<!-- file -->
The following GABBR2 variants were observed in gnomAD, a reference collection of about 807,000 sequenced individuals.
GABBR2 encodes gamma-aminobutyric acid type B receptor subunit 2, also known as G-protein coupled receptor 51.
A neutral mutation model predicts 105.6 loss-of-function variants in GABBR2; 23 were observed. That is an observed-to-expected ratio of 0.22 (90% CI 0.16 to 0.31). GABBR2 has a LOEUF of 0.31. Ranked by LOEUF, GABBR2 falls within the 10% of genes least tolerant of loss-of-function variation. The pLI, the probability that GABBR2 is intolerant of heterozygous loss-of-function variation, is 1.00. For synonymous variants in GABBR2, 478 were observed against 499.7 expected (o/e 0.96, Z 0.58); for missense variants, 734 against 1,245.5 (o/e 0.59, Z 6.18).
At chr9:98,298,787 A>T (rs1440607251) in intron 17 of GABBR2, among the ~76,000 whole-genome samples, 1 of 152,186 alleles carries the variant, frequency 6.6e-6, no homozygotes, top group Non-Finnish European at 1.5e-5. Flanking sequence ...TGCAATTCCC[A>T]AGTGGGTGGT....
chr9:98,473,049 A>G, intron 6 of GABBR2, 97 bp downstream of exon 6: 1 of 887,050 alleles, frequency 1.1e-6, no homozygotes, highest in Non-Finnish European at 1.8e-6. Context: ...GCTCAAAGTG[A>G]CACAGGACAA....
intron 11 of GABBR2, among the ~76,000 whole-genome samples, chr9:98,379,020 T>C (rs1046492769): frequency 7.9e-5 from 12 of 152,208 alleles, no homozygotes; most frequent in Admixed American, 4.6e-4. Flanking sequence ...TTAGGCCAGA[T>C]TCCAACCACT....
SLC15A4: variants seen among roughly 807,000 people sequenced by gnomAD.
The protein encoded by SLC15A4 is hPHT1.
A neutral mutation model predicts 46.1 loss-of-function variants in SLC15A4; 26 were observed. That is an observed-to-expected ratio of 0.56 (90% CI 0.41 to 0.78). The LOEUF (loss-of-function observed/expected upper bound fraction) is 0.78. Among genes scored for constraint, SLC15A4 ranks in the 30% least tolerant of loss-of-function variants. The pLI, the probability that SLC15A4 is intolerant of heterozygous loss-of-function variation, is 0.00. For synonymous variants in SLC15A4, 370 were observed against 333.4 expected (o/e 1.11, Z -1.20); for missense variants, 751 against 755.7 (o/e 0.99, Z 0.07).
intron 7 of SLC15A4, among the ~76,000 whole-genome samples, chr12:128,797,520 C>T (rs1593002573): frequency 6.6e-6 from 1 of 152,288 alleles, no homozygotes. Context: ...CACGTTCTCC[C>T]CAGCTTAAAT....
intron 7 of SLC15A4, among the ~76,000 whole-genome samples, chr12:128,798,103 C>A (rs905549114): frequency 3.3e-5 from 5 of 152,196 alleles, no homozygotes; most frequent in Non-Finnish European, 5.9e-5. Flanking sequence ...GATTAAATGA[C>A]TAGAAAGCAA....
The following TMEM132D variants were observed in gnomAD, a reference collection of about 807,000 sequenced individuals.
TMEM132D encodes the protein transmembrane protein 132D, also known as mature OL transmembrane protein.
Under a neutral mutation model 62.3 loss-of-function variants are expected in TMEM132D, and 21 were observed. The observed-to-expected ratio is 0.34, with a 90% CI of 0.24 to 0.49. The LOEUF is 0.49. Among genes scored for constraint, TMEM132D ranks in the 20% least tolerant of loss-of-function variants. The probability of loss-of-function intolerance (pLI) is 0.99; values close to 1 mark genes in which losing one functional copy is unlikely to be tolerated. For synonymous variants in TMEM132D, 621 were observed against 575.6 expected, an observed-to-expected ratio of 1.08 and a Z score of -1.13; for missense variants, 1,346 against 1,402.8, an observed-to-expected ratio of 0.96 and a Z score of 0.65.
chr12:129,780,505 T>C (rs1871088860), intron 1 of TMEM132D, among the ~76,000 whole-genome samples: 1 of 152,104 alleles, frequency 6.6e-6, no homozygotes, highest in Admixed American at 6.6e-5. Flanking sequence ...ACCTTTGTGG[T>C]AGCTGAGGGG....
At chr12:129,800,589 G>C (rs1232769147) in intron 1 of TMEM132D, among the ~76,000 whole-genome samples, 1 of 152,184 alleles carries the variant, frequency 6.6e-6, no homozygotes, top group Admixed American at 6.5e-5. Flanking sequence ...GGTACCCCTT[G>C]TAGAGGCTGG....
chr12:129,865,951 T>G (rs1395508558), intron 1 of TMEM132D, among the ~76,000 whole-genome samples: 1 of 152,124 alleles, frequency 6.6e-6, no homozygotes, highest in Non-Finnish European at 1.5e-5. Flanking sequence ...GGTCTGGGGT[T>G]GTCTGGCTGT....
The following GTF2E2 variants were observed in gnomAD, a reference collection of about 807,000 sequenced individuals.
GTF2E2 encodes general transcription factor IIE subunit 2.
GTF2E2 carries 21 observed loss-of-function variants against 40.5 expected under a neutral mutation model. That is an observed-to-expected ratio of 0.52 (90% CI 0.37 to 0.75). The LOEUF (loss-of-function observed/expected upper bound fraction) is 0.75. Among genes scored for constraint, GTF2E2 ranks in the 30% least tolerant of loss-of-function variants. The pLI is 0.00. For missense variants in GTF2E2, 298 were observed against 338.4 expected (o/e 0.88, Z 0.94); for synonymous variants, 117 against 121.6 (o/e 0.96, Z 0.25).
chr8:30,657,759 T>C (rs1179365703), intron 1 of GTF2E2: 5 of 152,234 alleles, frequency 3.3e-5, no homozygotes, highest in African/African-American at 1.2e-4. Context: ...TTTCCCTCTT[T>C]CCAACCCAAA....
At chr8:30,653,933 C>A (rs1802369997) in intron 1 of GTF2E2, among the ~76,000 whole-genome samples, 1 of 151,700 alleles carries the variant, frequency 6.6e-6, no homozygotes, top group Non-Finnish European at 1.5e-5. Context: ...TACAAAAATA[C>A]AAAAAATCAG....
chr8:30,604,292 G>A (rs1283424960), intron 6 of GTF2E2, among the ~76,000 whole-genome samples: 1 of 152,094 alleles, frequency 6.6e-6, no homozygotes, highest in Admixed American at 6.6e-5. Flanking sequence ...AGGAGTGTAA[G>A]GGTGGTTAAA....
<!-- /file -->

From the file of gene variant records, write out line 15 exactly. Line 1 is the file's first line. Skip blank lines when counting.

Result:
chr12:129,780,505 T>C (rs1871088860), intron 1 of TMEM132D, among the ~76,000 whole-genome samples: 1 of 152,104 alleles, frequency 6.6e-6, no homozygotes, highest in Admixed American at 6.6e-5. Flanking sequence ...ACCTTTGTGG[T>C]AGCTGAGGGG....